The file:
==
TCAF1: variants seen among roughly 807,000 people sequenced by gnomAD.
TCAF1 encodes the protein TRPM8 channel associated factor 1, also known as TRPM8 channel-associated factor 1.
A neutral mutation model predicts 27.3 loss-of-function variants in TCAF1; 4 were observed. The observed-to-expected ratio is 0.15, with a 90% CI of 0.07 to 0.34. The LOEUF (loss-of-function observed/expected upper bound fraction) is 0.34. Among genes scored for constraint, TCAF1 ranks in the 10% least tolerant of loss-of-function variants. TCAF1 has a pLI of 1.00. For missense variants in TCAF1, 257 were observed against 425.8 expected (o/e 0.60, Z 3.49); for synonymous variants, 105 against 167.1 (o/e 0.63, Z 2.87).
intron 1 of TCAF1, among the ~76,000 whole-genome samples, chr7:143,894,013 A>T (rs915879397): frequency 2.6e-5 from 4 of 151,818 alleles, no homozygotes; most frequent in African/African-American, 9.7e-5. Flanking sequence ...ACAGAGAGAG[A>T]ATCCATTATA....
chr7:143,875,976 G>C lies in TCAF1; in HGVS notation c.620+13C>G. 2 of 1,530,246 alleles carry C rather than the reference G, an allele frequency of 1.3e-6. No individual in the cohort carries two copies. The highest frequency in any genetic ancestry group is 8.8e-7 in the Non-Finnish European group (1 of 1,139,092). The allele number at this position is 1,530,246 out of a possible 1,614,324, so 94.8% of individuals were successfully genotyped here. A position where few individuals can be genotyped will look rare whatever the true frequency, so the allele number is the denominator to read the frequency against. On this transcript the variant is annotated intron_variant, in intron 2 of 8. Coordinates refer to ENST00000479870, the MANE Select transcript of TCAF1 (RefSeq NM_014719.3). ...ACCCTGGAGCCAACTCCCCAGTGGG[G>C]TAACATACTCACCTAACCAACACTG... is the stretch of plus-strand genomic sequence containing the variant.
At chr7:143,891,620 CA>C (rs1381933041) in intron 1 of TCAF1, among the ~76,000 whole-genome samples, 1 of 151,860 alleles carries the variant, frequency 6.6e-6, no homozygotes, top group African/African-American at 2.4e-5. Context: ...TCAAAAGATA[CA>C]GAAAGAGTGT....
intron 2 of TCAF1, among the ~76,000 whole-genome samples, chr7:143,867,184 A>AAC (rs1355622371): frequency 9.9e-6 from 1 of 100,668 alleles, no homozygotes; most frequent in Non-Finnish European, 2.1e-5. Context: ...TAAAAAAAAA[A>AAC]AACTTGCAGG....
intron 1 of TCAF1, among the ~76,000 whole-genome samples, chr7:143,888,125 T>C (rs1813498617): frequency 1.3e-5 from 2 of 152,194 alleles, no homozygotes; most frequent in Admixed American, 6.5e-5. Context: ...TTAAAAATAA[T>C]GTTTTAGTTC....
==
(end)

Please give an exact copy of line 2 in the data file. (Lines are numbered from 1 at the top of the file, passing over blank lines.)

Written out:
TCAF1 encodes the protein TRPM8 channel associated factor 1, also known as TRPM8 channel-associated factor 1.